When you get a fever, start coughing, and have no energy, you know you have a cold. But when your car starts smelling funny, making odd noises, and leaving puddles behind, you can’t just give it aspirin and let it lay around on the couch watching Star Trek until it feels better. How do you gauge your car health?
A change in your car’s behavior usually signals that the machine needs a car maintenance service of some kind. It is after all, not a self sustaining ecosystem like your body. It does not have an immune system to repair itself, nor tools to attach a hose that might be loose. You and your auto center have to stay on top of your car. Addressing “symptoms” can prevent further damage to your vehicle, and stop a much lengthier and intricate repair down the road. Not taking care of a small problem inevitably leads to a bigger one. A problem with your car will not go away, it needs some TLC to get back to optimal health.
Hopefully, the smell is not so bad that you’re gagging, or bolting away from your car to get some fresh air. Many times burning smells come from various fluids, like your oil, or coolant. Gasoline odor generally means you just flooded your engine. If a gas smell persists, even when your engine is not flooded, you probably have a fuel system leak. Best to get that addressed before your car starts a fire somewhere. When anything leaks in your car, it will puddle if the escaping quantities are large enough, and smoke when the heat of your vehicle connects with the escaped fluid. Not having a leaky item repaired leads to failure of that particular system eventually. Best to deal with the steering fluid hoses now, than let it persist and blow out your steering. Because, I almost did that. I noticed the funky “industrial smell,” persisted after I had driven for a few miles. Checked the various fluids, and discovered the power steering reservoir was very low. So I grabbed a couple of bottles of power steering fluid at the nearest mini market, and filled the reservoir. Later in the day, the stinky burning smell came back. I checked the fluid levels again, same thing. After a few days of this, I went to my local auto center, and left the car to be analyzed. The hose connecting the fluid to the steering column was damaged, and any liquid I put in was slowly leaching out. That means my entire steering column was pretty much running dry, with very little lubrication. If I had not constantly refilled the reservoir, my steering column could of been irreparably damaged.
Some unpleasant persistent car smells are not fluid burning, but mechanical parts going in to failure. A “burnt toast” smell is indicative of an electrical short. Sulphur, also known as rotten egg smell, can indicate a problem with the catalytic converter. Overheated brakes and the clutch will release a nasty chemical smell. It is not of concern if you just came down Rabbit ears Pass in Routt County, but if it persists, your brakes or clutch need some immediate attention. You don’t want to go down the pass again with no gears or brakes.
Essentially, any smell that you know is not caused by that old sandwich under the seat, and that persists apart from a known strain on your car, is indicative of something going in to failure. It may be as simple as a disconnected hose or plugged filter. Little things like these, do not repair themselves, and if you can’t find and correct the problem on your own, it is best to get it checked, and avoid disaster.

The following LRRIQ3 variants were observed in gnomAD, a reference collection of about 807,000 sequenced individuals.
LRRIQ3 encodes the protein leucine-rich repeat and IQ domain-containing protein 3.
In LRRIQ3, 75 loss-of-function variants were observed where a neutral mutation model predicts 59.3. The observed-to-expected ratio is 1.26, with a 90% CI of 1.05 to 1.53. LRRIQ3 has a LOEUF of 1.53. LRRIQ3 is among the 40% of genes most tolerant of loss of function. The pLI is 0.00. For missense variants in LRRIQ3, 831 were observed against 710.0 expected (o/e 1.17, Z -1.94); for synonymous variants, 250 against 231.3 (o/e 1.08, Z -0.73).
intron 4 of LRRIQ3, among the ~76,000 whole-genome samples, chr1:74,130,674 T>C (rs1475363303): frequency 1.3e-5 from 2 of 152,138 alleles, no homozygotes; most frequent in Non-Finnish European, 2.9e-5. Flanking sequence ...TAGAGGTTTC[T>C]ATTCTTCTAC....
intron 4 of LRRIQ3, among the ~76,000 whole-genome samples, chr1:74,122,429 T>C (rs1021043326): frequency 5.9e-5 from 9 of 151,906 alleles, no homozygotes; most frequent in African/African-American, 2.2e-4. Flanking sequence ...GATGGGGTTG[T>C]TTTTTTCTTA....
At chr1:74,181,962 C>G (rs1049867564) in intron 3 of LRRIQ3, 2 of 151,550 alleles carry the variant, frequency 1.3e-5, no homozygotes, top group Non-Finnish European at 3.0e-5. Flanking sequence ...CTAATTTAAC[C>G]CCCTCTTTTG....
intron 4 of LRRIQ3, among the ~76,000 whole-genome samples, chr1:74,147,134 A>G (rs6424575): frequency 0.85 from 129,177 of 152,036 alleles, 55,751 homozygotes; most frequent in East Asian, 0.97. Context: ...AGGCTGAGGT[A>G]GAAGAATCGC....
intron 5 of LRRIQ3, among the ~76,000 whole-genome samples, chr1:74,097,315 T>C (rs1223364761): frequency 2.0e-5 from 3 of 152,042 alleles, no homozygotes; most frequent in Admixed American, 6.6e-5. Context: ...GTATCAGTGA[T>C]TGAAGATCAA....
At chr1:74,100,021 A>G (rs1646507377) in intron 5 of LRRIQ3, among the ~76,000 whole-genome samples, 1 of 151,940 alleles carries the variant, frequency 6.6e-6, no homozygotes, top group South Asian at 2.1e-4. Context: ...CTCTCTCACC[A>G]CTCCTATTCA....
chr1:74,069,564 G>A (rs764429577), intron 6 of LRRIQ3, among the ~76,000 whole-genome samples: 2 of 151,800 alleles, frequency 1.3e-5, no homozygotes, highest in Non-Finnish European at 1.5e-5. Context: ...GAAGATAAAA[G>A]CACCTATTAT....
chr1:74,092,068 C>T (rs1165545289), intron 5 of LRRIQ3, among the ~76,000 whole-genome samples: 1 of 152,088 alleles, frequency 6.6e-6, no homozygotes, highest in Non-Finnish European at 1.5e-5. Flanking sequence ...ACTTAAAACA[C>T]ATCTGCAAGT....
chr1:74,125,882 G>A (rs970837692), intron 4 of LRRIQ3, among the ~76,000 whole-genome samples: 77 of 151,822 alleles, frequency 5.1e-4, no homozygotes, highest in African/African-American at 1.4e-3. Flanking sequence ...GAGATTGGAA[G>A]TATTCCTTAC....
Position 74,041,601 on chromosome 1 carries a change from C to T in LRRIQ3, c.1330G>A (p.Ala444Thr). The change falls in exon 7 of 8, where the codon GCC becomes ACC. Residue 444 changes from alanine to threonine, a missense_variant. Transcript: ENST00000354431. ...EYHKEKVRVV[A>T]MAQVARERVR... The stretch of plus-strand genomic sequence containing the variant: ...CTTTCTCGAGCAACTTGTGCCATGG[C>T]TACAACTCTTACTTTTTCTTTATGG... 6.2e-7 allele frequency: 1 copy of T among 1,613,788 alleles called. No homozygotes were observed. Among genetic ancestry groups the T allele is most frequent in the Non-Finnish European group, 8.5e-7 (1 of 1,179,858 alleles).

A small quantity of fluid will inevitable pool under most vehicles. Normal condensation can leave a bit of water under your car, and we all have seen oil drops under our vehicles. If what is under your car when you move it looks more like a wet spot than a few drops, it needs attention. A puddle of fluid is even more ominous. If you then drive off and experience a bumpy ride, rough handling or vibration, you most likely have a problem. You are probably leaking needed fluids. The problem could be as simply as a bad hose, but it could also indicate an overheated engine (radiator problem,) or a bad water pump.If you are seeing large oil residue under your car, a bad seal or gasket is probably leaking. Power steering and power transmissions will leave behind an oily spot, usually red.
Your car will grumble and complain when something is loose or bent in the engine. A damaged or loose fan bland will make a clicking noise. So will any kind of stuck valve. If you’re low on oil, you could hear a clicking noise as well. When you are accelerating,and hear a squealing noise, it probably indicates a loose or worn power steering fan or air conditioning belt. (Think how your computer sounds when it’s fan overheats, or needs to be replaced-it gets loud.) Brake problems create screeching squealing noises. A “pingy” noise can occur when you are using the wrong kind of gasoline for your engine. Loud knocking that is rhythmic could be a loose transmission torque converter. Flat out clunking noise that is random occurs with things like defective U-joints and other driveline components as well as mufflers, converters and defective exhaust pipes.
These smells and puddles do not indicate your car is in danger of imminent failure. But they are distinct symptoms of something needing maintenance or repair in your vehicle. If after your own cursory check of the engine, you do not find anything amiss that can be easily corrected, take your car to your favorite auto canter and have it checked out.